I like this one. It has a more Continental feel than the more stylised and more expensive Case Sodbuster Jr., which is really a comparatively recent iteration, from 1976, when Case introduced the model. It is of course a Farmer's knife, a very old and agricultural pattern. Hence WR Case's name for their model. On the other hand, the Marinera is closer to the real deal, stainless notwithstanding. This feels authentic. You could imagine a European farmer of an earlier century using it daily.
It has a feeling similar in cross section to a French Laguiole in that the handle is more so thick than it is deep in your hand. Not that it looks like the famous French folder, just that the wider and narrower parts of the handle feels similarly backward at first. For example, a traditional English lamb foot pocket knife is, like the blade, broad across its sides and narrow when viewed from the spine and back spring. The Marinera is fatter.
Mine arrived a bit dull. No big problem, easily sorted. And the steel seems decent. It performs well. The olive scales like a bit of olive oil now and then, applied thickly and left standing overnight. The scales are a deep golden russet colour now, particularly at the joint end, where the end grain has darkened. It looks rich, and quite authentic. True, the stainless will not form a patina, but that is a minor observation.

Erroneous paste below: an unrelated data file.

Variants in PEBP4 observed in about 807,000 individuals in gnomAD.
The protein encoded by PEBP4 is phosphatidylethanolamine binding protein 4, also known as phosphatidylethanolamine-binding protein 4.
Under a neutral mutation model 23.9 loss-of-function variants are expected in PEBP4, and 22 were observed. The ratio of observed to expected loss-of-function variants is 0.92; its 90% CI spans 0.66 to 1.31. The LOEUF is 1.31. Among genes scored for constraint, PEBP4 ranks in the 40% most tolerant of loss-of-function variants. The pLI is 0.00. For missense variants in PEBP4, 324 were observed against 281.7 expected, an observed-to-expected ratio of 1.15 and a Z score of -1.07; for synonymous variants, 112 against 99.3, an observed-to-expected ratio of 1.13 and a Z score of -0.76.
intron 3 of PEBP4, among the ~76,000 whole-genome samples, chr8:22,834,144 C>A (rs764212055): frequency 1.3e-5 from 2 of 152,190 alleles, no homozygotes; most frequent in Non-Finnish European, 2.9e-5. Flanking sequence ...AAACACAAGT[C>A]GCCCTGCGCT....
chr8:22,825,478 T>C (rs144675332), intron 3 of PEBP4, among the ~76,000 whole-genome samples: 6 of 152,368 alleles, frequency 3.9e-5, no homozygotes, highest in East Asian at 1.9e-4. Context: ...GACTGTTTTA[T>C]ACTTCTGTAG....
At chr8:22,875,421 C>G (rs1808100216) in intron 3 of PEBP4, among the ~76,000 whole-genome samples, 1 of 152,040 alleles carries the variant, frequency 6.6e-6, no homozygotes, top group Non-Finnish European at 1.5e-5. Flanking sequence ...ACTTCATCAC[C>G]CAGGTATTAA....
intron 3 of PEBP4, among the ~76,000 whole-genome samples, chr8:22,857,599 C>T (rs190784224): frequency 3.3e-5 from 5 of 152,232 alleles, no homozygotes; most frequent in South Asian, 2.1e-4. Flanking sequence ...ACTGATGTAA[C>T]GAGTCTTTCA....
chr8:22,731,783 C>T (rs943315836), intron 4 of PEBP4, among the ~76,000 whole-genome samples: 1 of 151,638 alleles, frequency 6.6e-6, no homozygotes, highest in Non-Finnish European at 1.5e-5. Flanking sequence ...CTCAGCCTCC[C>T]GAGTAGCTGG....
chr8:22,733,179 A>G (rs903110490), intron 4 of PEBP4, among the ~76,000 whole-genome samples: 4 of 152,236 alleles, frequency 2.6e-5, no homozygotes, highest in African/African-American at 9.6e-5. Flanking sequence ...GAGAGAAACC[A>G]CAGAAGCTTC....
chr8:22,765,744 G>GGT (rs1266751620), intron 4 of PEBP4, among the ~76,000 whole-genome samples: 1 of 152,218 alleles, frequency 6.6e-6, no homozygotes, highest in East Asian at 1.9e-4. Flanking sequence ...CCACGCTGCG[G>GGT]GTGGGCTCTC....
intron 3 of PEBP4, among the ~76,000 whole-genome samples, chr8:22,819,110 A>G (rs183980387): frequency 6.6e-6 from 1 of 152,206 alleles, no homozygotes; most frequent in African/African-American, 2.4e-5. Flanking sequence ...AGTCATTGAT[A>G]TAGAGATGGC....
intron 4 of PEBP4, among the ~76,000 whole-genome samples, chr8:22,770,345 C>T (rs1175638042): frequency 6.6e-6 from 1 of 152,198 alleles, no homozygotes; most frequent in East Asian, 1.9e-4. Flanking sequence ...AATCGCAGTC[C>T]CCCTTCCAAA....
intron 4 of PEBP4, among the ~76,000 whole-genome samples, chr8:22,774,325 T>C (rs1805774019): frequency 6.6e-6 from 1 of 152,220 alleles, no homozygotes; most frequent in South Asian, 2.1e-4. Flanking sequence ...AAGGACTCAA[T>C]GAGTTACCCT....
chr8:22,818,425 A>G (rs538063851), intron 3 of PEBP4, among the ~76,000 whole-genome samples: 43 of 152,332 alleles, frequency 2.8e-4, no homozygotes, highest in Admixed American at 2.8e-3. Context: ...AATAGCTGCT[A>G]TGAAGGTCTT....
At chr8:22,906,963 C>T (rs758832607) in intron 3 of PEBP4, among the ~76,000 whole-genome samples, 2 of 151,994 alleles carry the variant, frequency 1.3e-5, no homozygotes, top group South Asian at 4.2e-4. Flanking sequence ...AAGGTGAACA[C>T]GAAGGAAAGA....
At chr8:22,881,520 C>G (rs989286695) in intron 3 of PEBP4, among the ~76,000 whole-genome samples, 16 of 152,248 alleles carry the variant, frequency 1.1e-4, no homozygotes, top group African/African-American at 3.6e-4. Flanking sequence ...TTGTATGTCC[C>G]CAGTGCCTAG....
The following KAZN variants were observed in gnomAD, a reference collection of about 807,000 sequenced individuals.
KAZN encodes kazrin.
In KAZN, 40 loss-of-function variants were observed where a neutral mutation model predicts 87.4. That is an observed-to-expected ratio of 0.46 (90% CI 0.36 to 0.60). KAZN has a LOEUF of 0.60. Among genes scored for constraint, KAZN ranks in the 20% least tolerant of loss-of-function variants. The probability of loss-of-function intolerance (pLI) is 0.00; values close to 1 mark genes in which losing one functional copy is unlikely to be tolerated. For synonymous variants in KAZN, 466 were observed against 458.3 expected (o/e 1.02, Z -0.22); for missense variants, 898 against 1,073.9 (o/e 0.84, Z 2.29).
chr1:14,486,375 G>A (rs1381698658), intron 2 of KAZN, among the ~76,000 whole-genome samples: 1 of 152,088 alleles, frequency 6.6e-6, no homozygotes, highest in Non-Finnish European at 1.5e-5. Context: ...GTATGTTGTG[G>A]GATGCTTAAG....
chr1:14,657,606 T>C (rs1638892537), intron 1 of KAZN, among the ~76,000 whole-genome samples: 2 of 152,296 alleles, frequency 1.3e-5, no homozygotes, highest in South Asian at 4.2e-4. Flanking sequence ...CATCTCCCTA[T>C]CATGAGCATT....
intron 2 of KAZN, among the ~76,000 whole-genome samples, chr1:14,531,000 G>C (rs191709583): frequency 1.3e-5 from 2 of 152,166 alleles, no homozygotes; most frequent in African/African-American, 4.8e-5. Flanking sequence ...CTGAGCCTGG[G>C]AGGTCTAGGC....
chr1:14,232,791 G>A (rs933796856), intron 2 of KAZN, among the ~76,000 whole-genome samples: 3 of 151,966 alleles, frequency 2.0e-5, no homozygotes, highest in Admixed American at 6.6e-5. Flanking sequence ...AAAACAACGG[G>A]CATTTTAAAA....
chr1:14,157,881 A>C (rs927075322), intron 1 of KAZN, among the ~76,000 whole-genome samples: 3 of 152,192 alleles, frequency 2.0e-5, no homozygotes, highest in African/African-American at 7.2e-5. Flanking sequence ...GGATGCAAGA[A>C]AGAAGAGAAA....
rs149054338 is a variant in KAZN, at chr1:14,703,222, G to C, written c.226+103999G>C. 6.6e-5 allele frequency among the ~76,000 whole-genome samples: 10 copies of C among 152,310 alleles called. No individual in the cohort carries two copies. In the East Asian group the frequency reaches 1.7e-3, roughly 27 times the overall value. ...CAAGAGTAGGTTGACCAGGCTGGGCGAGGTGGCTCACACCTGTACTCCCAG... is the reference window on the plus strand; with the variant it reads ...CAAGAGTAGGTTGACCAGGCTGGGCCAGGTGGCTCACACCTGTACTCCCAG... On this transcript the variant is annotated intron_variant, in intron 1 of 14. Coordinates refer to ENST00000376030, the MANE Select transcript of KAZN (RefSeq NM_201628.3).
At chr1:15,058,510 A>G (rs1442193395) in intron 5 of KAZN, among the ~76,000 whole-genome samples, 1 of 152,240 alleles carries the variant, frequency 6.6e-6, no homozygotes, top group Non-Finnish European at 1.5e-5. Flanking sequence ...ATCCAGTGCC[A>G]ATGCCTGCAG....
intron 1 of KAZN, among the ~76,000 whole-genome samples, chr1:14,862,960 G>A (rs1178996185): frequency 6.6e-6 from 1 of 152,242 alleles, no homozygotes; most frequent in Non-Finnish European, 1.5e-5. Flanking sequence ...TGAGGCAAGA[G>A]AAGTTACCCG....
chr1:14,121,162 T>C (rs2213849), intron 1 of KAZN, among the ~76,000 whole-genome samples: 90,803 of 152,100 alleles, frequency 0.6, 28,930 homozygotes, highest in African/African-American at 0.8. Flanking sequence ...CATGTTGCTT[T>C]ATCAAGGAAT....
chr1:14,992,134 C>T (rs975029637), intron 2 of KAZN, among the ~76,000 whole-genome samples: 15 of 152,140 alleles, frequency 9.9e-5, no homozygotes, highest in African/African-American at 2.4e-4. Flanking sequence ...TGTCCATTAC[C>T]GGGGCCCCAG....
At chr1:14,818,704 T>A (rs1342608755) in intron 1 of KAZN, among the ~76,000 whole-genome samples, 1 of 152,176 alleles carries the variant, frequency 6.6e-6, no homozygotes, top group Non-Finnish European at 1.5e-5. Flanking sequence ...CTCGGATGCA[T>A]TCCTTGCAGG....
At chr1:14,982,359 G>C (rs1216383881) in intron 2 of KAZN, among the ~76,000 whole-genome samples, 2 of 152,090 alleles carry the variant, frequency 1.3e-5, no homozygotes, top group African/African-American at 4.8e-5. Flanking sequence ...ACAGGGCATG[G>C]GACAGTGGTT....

Four stars is appropriate because the blade develops side to side play after a while. Pinching or clamping temporary solves this unwanted sloppiness. I hesitate to hammer the pivot, as I've done for a couple of loose slip joints by other makers. Play is a somewhat common thing in slip joint pocket knives, and it is very worthwhile to learn how to sort the problem. Basically just bash it until it behaves! All right, use due care, and protect the bolsters with at least a paper wrap. Or, realise that you will have to do some buffing afterward. You may anyway. The last session involved an elderly wobbly pocket knife, a rock, some tissue paper, and my battered old Estwing hammer. And some judicious whacking. The result was well worthwhile; a repaired heirloom and boosted self confidence.
I hesitate to try it on this little Italian job. No bolsters, so not sure if staking the pivot would split the pretty olivewood scales. For now, I can live with a tiny wobble.
So overall, yes, I recommend this pocket knife. Charming, rustic and traditional, it will give an honest day's work. Thank you, HH. A pleasure doing business with you!